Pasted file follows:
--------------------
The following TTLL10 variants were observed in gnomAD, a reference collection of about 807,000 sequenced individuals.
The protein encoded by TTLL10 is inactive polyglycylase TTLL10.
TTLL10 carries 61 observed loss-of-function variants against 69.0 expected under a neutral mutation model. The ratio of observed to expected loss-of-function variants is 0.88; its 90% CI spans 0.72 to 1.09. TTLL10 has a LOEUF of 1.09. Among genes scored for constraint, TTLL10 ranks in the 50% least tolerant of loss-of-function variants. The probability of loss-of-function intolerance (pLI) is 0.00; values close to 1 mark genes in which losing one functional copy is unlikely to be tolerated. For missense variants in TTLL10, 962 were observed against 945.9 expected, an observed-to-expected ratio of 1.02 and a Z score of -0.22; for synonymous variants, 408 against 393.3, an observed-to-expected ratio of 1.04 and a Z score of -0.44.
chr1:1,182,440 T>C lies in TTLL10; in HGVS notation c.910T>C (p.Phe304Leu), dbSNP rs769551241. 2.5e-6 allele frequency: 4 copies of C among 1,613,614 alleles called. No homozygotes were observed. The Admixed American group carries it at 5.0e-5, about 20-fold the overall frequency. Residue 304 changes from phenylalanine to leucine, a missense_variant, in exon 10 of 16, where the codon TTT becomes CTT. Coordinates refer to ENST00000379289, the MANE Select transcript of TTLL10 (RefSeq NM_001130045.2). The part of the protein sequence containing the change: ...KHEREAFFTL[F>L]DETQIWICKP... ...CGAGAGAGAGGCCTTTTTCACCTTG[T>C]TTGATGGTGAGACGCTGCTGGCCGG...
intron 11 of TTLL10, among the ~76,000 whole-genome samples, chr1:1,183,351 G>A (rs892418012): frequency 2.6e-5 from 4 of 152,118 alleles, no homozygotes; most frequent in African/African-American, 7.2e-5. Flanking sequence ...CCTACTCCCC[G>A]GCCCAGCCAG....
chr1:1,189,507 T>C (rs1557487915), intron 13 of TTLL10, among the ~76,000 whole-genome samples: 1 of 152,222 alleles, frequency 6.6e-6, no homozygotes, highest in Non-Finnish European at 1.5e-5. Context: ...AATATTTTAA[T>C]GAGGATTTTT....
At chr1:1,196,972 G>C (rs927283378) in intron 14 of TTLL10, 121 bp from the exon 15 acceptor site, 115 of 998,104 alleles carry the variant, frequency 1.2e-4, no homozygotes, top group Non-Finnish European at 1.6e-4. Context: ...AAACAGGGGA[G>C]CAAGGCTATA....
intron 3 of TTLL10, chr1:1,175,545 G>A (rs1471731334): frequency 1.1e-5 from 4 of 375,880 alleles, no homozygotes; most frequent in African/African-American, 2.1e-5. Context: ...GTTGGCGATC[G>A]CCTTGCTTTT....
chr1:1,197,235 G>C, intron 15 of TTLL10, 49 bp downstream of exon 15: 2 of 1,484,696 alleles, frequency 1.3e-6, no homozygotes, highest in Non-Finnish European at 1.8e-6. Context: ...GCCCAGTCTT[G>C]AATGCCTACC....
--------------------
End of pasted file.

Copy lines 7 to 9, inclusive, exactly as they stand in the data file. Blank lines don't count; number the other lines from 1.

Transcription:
At chr1:1,196,972 G>C (rs927283378) in intron 14 of TTLL10, 121 bp from the exon 15 acceptor site, 115 of 998,104 alleles carry the variant, frequency 1.2e-4, no homozygotes, top group Non-Finnish European at 1.6e-4. Context: ...AAACAGGGGA[G>C]CAAGGCTATA....
intron 3 of TTLL10, chr1:1,175,545 G>A (rs1471731334): frequency 1.1e-5 from 4 of 375,880 alleles, no homozygotes; most frequent in African/African-American, 2.1e-5. Context: ...GTTGGCGATC[G>A]CCTTGCTTTT....
chr1:1,197,235 G>C, intron 15 of TTLL10, 49 bp downstream of exon 15: 2 of 1,484,696 alleles, frequency 1.3e-6, no homozygotes, highest in Non-Finnish European at 1.8e-6. Context: ...GCCCAGTCTT[G>C]AATGCCTACC....